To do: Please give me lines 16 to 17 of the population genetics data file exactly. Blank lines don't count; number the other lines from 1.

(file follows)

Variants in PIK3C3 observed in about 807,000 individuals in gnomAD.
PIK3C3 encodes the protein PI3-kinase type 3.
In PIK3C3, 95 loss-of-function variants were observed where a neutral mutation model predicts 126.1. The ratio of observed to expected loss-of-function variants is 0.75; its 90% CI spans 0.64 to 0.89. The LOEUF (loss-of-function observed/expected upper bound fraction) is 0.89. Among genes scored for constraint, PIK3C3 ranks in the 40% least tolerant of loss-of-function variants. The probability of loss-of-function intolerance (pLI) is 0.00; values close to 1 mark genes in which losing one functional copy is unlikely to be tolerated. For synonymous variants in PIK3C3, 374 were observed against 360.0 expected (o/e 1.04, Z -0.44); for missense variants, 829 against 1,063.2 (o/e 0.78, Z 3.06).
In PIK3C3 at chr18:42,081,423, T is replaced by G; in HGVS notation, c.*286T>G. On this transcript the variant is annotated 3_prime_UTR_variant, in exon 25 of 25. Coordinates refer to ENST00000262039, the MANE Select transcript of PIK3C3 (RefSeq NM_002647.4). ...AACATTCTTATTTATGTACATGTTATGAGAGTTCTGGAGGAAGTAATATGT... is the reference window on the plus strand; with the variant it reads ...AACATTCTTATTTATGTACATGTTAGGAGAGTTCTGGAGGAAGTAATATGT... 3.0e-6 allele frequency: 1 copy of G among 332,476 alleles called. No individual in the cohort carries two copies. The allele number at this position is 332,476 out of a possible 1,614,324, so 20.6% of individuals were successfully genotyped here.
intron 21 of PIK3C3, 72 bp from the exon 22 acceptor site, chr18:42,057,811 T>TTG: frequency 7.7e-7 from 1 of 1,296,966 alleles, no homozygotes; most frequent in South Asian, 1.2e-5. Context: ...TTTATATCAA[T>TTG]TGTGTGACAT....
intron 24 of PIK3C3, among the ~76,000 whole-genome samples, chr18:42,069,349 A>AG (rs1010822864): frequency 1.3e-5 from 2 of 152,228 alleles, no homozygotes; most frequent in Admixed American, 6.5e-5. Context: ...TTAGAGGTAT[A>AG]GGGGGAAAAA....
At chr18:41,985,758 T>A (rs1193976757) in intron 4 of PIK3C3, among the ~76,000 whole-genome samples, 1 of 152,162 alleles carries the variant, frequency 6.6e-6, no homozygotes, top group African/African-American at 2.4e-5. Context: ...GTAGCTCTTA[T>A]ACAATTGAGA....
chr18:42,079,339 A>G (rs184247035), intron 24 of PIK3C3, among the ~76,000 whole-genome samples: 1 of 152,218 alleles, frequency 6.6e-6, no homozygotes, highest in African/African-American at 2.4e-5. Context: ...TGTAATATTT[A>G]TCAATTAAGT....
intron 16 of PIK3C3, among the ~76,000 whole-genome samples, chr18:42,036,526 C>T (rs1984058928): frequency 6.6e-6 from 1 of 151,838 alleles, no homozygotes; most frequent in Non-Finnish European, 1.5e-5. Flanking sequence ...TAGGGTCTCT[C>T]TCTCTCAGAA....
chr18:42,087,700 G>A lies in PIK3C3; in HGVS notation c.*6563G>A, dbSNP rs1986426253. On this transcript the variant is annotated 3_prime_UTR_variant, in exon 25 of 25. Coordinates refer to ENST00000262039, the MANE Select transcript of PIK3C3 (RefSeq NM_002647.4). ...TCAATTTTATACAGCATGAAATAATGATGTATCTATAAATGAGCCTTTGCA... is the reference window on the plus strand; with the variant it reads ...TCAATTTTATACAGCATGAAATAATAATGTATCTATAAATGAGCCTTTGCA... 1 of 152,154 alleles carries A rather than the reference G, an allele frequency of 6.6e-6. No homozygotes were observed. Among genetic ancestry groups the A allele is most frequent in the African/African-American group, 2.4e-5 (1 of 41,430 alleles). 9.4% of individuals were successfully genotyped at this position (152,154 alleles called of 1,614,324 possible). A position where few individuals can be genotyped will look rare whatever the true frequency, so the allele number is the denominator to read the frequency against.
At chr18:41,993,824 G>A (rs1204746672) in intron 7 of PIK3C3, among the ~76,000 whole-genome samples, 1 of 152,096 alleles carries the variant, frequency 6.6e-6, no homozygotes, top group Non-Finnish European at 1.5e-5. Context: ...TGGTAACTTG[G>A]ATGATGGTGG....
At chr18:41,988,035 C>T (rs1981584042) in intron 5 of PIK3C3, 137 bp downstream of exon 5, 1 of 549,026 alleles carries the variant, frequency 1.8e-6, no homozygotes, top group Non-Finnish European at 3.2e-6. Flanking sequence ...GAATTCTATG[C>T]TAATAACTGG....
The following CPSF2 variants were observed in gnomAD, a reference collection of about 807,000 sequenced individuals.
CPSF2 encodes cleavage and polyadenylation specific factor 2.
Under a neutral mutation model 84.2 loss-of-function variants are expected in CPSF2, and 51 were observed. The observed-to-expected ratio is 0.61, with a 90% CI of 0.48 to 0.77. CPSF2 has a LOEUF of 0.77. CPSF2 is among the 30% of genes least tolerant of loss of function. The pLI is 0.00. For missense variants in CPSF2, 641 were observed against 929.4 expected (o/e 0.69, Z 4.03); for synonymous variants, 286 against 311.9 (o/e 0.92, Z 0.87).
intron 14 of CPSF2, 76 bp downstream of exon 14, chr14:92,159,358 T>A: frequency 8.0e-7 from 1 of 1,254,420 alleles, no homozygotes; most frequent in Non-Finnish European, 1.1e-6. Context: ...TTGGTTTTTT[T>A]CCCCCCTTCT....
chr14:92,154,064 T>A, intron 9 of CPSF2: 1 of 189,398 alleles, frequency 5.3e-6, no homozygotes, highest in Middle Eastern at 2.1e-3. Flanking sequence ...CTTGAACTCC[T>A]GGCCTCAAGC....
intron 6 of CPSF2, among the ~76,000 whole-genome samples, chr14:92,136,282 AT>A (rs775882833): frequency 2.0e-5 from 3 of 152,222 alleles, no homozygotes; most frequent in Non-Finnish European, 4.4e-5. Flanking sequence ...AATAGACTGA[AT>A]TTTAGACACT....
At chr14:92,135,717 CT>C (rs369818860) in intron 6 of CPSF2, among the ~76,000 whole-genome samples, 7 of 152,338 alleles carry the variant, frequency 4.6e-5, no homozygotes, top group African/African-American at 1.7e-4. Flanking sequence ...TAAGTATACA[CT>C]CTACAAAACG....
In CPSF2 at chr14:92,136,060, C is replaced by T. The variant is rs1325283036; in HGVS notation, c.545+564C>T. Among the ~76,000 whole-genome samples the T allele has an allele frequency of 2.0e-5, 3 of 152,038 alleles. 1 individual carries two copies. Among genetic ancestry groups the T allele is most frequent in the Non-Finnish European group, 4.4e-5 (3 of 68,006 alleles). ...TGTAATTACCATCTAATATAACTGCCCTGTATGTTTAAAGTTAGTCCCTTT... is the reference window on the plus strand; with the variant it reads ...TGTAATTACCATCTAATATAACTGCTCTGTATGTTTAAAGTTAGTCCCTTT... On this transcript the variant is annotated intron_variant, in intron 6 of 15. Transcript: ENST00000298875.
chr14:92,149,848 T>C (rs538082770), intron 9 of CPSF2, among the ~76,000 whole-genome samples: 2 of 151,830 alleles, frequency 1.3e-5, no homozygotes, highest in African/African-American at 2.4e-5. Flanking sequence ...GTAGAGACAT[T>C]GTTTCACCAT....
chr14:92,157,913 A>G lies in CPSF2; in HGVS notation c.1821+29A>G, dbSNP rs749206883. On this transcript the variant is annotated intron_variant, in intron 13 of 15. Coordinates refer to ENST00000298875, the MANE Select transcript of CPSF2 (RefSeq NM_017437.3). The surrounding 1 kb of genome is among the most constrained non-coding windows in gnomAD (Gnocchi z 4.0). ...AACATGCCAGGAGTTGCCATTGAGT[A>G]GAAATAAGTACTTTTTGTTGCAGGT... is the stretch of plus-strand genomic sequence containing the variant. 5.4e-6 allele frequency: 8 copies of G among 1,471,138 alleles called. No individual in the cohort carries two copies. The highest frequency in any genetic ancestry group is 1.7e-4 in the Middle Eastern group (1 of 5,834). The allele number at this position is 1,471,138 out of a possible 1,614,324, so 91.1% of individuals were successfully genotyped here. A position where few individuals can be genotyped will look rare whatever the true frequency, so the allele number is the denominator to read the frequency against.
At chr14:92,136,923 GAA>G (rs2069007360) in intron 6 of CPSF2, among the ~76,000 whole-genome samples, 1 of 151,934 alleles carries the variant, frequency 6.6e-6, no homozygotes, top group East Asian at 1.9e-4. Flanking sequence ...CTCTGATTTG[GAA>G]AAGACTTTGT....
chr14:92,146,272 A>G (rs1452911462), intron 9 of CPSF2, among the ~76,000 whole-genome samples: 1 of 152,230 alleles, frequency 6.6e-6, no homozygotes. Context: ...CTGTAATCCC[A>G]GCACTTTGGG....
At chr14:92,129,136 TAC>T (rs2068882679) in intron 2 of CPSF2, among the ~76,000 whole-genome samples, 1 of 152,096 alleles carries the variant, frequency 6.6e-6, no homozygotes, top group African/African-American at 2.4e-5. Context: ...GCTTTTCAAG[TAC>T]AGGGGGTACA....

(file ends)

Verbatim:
intron 14 of CPSF2, 76 bp downstream of exon 14, chr14:92,159,358 T>A: frequency 8.0e-7 from 1 of 1,254,420 alleles, no homozygotes; most frequent in Non-Finnish European, 1.1e-6. Context: ...TTGGTTTTTT[T>A]CCCCCCTTCT....
chr14:92,154,064 T>A, intron 9 of CPSF2: 1 of 189,398 alleles, frequency 5.3e-6, no homozygotes, highest in Middle Eastern at 2.1e-3. Flanking sequence ...CTTGAACTCC[T>A]GGCCTCAAGC....